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A Study in Appositives
from Emily Bronte's Wuthering Heights
Analysis Key

Note: The punctuation of this text differs in different editions. This version is from the 1959 Signet Classic edition, Chapter 22, pages 220-221.

      {On an afternoon} {in October}, or {*in* the beginning} {of November} 

-- a fresh watery afternoon [#1], [Adj. to "afternoon" [#2] when the turf 

and paths were rustling {with moist, withered leaves}], and [Adj. to

"afternoon" [#2] *when* the cold blue sky was half [NuA] hidden (P) 

{by clouds} -- dark grey streamers [#3], rapidly mounting [#4] {from the

west}, and boding [#4] abundant rain] -- I requested my young lady

to forego her ramble [#5] [Adv. (cause) to "requested" because I was 

certain (PA) {of showers}]. | She refused, | and I unwillingly 

donned a cloak (DO), and took my umbrella (DO) to accompany

her [#6] {on a stroll} {to the bottom} {of the park}, a formal walk [#7] [Adj.

to "walk" which she generally affected [Adv. (condition) to "affected" if 

*she was* low-spirited (PA) ]] | -- and that (PN) [#8] she invariably 

was [Adv. (time) to "was" when Mr. Edgar had been worse (PA)

{than ordinary} ], a thing [#9] never known [#10] {from his confession}, but 

guessed [#10] both [#11] {by her and me} {from his increased silence and the

melancholy} {of his countenance}. |

1. This "afternoon" is an appositive to the previous "afternoon."
2. Alternatively, these two "when" clauses could be viewed as adverbial to "requested," which is what the "On an afternoon" chunks to.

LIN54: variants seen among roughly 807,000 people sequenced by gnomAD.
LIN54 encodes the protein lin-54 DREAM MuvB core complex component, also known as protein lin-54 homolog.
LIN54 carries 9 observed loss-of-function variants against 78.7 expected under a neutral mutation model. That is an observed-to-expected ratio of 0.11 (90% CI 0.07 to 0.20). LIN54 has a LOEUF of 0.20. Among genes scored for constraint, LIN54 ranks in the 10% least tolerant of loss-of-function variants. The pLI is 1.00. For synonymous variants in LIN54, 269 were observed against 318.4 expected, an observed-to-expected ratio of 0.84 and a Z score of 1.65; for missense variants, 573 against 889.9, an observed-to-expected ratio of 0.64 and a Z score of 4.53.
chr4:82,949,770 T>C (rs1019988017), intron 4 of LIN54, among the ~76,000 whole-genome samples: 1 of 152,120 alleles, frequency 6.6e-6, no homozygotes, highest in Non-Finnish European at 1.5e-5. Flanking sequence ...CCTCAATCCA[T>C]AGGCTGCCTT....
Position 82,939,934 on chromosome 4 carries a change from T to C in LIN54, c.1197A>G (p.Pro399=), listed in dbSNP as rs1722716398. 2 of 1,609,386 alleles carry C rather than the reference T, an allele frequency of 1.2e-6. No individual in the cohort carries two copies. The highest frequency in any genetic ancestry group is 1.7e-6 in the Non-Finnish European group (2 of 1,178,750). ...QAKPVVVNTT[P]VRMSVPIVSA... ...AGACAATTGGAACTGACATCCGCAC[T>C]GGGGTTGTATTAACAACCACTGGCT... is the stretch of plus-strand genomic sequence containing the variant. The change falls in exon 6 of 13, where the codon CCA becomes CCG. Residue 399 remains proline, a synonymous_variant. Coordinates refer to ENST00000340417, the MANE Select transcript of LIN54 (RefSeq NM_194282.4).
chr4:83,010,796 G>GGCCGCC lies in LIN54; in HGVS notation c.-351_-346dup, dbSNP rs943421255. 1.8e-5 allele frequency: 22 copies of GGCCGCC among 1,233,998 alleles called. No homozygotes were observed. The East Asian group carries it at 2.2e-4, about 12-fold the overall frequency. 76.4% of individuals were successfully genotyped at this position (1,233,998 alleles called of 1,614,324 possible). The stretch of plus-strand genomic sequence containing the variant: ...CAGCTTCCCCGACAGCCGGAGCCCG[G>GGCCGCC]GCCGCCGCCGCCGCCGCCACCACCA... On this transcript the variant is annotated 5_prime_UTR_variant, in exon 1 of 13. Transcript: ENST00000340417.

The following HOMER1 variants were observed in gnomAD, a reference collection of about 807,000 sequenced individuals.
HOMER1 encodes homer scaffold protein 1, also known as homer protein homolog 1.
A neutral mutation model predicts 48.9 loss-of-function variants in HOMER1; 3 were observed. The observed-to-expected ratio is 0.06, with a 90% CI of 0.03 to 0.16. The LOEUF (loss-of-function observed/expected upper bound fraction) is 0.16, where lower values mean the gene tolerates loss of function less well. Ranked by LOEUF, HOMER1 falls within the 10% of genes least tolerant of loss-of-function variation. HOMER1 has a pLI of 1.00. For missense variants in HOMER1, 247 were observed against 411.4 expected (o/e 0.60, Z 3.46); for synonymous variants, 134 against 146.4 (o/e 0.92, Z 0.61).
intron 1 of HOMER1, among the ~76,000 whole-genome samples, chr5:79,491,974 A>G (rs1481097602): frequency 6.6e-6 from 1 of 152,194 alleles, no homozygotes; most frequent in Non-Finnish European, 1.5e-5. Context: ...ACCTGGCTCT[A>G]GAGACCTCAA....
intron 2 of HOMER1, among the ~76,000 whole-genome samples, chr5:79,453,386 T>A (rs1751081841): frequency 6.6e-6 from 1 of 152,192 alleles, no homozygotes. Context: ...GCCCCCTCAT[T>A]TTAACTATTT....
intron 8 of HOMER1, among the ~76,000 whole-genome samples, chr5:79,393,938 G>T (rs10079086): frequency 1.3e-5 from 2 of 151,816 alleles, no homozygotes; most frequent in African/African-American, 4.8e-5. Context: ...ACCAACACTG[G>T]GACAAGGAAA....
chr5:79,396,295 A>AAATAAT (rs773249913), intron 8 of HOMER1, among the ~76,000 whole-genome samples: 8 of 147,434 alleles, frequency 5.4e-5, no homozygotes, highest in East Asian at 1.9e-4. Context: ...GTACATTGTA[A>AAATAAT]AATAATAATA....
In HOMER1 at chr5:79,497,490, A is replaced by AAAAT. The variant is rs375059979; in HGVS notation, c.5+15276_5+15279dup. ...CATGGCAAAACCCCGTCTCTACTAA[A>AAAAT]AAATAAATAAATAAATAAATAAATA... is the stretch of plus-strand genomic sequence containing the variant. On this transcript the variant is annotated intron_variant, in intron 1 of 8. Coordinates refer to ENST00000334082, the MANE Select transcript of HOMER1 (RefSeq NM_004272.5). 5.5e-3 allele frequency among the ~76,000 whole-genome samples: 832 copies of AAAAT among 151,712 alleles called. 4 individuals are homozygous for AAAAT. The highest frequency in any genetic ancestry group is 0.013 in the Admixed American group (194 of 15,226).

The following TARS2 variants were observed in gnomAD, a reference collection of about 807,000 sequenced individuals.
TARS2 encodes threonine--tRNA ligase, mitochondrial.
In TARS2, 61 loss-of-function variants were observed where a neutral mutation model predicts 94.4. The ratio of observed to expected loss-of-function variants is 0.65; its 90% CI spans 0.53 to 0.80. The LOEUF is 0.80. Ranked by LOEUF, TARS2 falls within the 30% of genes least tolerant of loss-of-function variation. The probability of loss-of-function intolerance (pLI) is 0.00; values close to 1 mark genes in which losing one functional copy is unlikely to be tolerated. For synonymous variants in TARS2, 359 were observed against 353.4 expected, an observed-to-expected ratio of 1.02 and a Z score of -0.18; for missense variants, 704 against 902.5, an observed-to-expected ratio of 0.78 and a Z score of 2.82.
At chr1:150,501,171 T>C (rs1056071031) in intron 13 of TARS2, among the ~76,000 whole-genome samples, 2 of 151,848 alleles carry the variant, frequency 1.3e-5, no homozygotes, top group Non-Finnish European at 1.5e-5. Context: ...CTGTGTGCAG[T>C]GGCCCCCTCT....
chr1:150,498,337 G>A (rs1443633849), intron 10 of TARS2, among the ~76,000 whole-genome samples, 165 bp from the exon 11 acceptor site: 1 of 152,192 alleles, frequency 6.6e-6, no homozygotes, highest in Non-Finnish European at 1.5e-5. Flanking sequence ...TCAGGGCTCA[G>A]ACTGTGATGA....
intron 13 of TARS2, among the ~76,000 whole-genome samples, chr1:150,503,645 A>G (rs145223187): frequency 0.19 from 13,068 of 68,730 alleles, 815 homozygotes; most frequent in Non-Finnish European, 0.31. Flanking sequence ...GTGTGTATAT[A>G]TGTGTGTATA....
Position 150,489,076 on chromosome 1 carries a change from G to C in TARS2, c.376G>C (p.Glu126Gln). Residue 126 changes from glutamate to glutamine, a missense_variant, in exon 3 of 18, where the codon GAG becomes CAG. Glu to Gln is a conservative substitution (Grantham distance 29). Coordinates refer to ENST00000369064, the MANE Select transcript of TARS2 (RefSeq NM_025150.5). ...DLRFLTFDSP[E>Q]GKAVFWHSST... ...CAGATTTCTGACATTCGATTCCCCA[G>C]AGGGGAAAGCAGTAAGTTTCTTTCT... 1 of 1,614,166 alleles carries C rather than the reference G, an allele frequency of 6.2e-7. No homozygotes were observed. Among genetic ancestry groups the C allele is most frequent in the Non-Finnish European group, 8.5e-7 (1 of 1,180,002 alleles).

3. "Streamers" is an appositive to "clouds."
4. "Mounting" and "boding" are verbals (gerundives) that modify "streamers"--and thus also "clouds." "Rain" is the direct object of "boding."
5. "Lady" is the subject, and "ramble" is the direct object of the verbal (infinitive) "to forego." The infinitive phrase is the direct object of "requested."
6. "Her" is the direct object of the infinitive "to accompany." The infinitive phrase functions as an adverb of purpose to "took."
7. "Walk" is an appositive to "stroll."
8. Here we have an unusual case of a pronoun that clearly stands for an adjective. I would not argue with anyone who wanted to designate "that" a predicate adjective here.
9. "Thing: here means "Mr. Edgar being worse than ordinary." Thus it can be seen as an appositive to the entire preceding clause. Note how similar this is to the "which" that can refer to a preceding clause. See KISS Level  3.2.4 - "Tag" and Other Questions about Clauses.
10. "Known" and "guessed" are gerundives that modify "thing." 
11. According to Merriam-Webster, "both" functions as a pronoun, conjunction, or adjective. Perhaps the easiest explanation here is to consider it a conjunction with the "and."